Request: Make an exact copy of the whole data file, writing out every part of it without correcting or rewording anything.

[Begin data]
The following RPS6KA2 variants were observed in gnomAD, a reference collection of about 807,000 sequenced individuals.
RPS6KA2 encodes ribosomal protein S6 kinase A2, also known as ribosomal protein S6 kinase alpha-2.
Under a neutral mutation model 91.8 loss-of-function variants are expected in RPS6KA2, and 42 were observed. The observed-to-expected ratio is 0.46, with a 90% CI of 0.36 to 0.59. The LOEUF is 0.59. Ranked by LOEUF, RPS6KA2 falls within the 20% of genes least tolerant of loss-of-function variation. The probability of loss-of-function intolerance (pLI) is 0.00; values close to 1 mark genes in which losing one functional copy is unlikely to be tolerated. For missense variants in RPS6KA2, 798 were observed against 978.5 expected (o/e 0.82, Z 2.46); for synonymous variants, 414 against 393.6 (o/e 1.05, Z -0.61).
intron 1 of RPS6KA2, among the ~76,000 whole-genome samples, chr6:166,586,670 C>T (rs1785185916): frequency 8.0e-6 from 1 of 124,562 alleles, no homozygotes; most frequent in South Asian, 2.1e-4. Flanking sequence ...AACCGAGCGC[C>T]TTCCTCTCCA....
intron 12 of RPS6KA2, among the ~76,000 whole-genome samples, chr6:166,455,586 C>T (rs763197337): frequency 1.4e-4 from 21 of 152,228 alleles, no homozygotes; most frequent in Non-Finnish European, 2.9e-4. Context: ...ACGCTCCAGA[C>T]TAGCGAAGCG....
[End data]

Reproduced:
The following RPS6KA2 variants were observed in gnomAD, a reference collection of about 807,000 sequenced individuals.
RPS6KA2 encodes ribosomal protein S6 kinase A2, also known as ribosomal protein S6 kinase alpha-2.
Under a neutral mutation model 91.8 loss-of-function variants are expected in RPS6KA2, and 42 were observed. The observed-to-expected ratio is 0.46, with a 90% CI of 0.36 to 0.59. The LOEUF is 0.59. Ranked by LOEUF, RPS6KA2 falls within the 20% of genes least tolerant of loss-of-function variation. The probability of loss-of-function intolerance (pLI) is 0.00; values close to 1 mark genes in which losing one functional copy is unlikely to be tolerated. For missense variants in RPS6KA2, 798 were observed against 978.5 expected (o/e 0.82, Z 2.46); for synonymous variants, 414 against 393.6 (o/e 1.05, Z -0.61).
intron 1 of RPS6KA2, among the ~76,000 whole-genome samples, chr6:166,586,670 C>T (rs1785185916): frequency 8.0e-6 from 1 of 124,562 alleles, no homozygotes; most frequent in South Asian, 2.1e-4. Flanking sequence ...AACCGAGCGC[C>T]TTCCTCTCCA....
intron 12 of RPS6KA2, among the ~76,000 whole-genome samples, chr6:166,455,586 C>T (rs763197337): frequency 1.4e-4 from 21 of 152,228 alleles, no homozygotes; most frequent in Non-Finnish European, 2.9e-4. Context: ...ACGCTCCAGA[C>T]TAGCGAAGCG....